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Posts Tagged ‘police’

The Katzav Effect

In Sexual Assault on March 26, 2011 at 21:43

TIME Magazine
Friday, Mar. 25, 2011
Israel’s Katsav Rape Case: A Plus for Women’s Rights?
By Karl Vick / Jerusalem

In a parliamentary government like Israel’s, pretty much all executive power resides in the Prime Minister. The office of President carries certain responsibilities, such as signing treaties and appointing the head of the central bank, but it’s largely a ceremonial post. Israel’s head of state is basically there to make the country look good.

So when Moshe Katsav, who held the office from 2000 to 2007, was convicted of rape last December, it did not enhance the dignity of the office. Nor did the outburst Tuesday morning in the Tel Aviv courtroom where he had just been sentenced to seven years in prison. “You are mistaken, ma’am, you are mistaken!” Katsav cried to one of the three judges he faced. “You have committed an injustice! The judgment is wrong! You allowed lies to emerge victorious! The women know that they lied! They know that they lied, and they are laughing at the judgment!”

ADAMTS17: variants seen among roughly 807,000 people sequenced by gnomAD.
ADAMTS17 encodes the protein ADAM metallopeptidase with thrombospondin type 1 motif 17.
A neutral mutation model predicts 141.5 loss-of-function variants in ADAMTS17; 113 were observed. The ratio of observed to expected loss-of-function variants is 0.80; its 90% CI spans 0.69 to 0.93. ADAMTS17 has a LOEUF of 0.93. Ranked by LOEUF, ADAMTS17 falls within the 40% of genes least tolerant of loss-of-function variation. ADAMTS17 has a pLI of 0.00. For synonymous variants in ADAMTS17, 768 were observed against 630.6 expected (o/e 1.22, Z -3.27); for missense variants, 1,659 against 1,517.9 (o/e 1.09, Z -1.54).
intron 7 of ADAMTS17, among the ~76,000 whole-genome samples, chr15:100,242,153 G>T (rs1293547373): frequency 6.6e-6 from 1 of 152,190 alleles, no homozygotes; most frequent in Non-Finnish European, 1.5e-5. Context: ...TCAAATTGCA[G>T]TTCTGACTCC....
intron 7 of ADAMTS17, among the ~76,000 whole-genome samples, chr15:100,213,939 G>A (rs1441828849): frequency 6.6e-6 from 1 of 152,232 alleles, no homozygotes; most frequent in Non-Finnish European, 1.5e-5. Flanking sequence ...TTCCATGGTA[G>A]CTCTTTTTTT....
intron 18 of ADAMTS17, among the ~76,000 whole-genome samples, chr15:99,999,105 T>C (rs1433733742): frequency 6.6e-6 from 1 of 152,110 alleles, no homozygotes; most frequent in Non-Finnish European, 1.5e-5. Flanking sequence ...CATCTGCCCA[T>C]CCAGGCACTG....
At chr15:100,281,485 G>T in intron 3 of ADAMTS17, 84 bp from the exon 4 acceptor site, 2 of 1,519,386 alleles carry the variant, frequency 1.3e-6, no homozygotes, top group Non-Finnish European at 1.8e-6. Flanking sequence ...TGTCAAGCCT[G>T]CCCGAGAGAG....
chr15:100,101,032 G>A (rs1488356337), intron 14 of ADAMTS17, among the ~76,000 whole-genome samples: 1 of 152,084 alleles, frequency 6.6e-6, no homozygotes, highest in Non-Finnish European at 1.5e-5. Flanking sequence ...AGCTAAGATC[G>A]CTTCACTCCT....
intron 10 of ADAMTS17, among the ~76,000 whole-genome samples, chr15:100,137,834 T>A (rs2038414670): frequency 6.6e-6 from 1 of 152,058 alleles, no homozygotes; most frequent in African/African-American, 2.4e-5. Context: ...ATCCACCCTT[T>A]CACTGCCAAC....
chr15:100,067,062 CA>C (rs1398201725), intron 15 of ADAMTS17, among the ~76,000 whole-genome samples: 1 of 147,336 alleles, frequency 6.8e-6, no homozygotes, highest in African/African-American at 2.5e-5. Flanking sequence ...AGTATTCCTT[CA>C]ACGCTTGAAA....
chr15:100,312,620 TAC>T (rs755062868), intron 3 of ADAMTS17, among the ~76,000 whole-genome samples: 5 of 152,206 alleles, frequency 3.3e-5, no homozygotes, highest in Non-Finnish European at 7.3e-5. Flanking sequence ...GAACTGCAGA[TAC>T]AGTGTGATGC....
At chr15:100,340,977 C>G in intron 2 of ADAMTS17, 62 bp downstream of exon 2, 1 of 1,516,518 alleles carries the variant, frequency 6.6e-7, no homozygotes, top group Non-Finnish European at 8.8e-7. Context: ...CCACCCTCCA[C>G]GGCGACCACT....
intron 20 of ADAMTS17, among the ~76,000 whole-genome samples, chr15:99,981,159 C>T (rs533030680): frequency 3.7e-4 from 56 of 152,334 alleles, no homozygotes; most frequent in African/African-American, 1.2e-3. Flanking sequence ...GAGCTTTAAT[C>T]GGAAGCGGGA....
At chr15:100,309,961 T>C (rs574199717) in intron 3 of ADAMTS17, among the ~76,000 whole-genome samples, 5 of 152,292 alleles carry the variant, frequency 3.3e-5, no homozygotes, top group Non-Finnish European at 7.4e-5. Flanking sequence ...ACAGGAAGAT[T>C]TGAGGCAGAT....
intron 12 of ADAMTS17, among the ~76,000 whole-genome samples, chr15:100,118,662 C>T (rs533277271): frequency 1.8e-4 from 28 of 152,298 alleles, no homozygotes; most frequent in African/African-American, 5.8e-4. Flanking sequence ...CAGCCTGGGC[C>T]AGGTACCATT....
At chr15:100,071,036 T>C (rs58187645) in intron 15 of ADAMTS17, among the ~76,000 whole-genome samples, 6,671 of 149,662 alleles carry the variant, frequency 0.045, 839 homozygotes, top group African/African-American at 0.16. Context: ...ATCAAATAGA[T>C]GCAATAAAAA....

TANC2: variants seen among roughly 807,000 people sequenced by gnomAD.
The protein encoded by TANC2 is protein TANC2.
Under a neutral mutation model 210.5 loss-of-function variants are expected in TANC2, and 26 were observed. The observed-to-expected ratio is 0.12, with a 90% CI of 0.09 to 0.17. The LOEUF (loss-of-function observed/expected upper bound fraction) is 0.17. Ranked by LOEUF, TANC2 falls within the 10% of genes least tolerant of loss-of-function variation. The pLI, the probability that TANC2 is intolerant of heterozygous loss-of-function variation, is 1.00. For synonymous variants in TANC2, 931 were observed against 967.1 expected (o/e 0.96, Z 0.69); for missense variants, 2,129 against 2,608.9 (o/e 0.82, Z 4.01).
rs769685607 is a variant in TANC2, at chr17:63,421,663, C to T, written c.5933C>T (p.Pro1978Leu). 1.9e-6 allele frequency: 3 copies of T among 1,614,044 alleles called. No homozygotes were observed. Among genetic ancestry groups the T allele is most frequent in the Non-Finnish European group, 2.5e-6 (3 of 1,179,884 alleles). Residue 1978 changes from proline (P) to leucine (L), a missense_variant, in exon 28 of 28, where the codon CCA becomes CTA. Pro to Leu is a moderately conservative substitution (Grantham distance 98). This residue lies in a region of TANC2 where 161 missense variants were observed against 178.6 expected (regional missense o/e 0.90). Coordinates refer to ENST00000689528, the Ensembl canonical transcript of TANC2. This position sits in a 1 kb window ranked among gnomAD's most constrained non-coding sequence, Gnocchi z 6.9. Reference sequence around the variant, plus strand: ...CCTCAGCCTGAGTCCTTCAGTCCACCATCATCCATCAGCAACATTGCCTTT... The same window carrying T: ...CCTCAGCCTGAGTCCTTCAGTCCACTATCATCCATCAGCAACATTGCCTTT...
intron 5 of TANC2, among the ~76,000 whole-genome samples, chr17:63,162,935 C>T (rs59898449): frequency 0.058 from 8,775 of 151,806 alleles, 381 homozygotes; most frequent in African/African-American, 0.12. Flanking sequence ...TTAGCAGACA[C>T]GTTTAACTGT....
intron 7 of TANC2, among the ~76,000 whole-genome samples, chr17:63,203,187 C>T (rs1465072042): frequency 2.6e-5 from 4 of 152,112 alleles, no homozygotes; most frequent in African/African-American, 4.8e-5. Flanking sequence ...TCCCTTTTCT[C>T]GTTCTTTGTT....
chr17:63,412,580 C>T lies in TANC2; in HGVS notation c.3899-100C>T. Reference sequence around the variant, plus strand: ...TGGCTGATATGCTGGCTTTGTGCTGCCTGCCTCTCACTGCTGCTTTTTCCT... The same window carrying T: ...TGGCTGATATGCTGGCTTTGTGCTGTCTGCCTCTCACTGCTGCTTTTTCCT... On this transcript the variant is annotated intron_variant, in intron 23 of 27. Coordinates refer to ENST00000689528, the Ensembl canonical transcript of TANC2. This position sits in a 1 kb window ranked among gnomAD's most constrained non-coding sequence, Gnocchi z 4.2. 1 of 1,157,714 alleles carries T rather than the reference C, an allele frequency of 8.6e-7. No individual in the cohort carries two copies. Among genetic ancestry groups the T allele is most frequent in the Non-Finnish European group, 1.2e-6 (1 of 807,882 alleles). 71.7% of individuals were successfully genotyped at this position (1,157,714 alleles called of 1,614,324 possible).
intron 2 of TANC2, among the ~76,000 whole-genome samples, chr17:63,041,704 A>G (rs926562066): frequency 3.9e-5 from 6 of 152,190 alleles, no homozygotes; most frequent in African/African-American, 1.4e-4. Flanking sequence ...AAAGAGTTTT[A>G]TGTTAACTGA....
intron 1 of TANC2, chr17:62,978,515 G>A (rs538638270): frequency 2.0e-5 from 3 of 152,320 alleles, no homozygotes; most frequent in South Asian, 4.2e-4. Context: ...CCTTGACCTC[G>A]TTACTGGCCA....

The jurists took turns trying to calm the defendant — “Sir, sit down quietly, with dignity,” one of them said — then returned to reading out the sentence. In addition to jail time, it calls for Katsav to pay 100,000 shekels (about $28,500) to the woman he was found guilty of raping when she worked for him at the Tourism Ministry, which the Likud Party loyalist ran in the late 1990s. Katsav also must pay the equivalent of $7,100 to one of two former employees of the President’s residence whom he was convicted of sexually harassing. His attorneys announced he would appeal.

In the spasm of agonized national self-reflection that immediately ensued, one positive note was sounded again and again: in a country that still regards itself as the only democracy in the Middle East, “nobody is above the law, not even a former President,” as Prime Minister Benjamin Netanyahu put it.